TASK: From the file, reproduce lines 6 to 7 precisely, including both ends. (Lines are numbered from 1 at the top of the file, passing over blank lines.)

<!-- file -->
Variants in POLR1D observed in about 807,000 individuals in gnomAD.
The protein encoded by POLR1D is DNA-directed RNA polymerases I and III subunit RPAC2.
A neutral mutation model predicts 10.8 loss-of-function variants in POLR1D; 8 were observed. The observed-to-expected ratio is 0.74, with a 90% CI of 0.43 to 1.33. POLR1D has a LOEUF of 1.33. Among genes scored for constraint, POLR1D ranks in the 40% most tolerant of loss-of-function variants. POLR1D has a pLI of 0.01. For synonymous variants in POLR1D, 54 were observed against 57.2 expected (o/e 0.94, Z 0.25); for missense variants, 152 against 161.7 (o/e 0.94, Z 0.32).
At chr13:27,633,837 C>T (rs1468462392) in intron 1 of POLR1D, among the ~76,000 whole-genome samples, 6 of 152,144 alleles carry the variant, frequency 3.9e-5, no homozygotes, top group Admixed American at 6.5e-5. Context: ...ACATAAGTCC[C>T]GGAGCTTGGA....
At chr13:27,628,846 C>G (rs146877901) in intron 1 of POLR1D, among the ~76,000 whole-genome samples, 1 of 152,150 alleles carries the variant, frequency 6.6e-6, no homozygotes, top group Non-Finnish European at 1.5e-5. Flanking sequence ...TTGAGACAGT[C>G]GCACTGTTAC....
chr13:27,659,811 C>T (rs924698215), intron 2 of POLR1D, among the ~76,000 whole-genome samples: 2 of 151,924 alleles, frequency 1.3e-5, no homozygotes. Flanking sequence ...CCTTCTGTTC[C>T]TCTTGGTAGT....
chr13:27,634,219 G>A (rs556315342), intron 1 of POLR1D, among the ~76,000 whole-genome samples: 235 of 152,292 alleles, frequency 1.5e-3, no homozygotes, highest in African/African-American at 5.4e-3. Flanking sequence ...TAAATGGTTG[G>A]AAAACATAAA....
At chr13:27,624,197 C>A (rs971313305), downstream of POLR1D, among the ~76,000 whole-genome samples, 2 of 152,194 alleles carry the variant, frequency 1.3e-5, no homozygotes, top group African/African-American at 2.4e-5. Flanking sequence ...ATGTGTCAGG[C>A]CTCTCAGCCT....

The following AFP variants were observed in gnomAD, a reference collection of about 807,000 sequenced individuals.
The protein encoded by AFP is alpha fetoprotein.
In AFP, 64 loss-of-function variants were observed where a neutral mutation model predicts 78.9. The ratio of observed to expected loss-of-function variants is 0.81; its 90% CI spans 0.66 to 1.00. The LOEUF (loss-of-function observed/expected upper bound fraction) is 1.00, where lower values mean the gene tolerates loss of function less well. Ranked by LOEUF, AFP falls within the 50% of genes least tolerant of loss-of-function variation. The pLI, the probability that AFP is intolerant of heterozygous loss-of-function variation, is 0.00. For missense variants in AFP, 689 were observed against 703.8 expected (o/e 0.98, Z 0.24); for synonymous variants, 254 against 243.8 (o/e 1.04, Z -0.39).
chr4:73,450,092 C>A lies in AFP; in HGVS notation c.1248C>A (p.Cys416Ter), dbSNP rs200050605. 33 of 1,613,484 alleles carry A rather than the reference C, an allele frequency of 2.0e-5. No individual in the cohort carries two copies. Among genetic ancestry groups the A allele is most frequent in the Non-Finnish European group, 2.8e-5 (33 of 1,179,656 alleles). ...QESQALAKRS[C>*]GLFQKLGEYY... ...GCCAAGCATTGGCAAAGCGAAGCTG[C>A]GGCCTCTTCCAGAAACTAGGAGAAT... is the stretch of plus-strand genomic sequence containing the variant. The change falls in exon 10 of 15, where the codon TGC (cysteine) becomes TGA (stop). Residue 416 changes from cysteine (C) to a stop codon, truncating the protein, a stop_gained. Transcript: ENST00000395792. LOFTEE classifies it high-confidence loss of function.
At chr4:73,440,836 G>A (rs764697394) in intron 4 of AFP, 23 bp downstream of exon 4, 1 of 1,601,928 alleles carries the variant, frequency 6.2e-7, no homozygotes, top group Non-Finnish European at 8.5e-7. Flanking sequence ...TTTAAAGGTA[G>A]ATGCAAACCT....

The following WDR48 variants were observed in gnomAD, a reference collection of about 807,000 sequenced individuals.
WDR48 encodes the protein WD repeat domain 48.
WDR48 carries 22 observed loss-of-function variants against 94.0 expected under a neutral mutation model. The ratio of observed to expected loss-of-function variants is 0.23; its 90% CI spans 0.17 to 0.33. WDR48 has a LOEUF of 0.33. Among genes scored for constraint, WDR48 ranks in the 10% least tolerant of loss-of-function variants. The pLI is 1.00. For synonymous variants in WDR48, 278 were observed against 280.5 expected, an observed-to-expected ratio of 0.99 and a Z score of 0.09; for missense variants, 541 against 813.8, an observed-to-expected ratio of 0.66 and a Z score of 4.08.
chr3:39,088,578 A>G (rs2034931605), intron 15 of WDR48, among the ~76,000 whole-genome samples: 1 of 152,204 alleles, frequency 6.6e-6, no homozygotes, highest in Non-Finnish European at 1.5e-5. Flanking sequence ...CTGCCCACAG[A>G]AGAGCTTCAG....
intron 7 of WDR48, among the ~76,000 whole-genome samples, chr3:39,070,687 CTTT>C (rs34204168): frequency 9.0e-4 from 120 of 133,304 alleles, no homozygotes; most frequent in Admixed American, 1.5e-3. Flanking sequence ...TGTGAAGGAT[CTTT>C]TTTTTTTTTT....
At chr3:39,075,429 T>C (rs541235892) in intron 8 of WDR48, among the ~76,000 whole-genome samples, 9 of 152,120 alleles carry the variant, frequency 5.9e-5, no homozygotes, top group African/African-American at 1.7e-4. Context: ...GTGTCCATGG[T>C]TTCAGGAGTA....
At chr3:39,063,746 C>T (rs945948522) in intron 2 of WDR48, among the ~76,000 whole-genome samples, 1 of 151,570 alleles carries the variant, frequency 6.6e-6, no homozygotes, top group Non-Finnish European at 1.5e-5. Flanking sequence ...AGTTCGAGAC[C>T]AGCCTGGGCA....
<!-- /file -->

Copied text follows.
chr13:27,659,811 C>T (rs924698215), intron 2 of POLR1D, among the ~76,000 whole-genome samples: 2 of 151,924 alleles, frequency 1.3e-5, no homozygotes. Flanking sequence ...CCTTCTGTTC[C>T]TCTTGGTAGT....
chr13:27,634,219 G>A (rs556315342), intron 1 of POLR1D, among the ~76,000 whole-genome samples: 235 of 152,292 alleles, frequency 1.5e-3, no homozygotes, highest in African/African-American at 5.4e-3. Flanking sequence ...TAAATGGTTG[G>A]AAAACATAAA....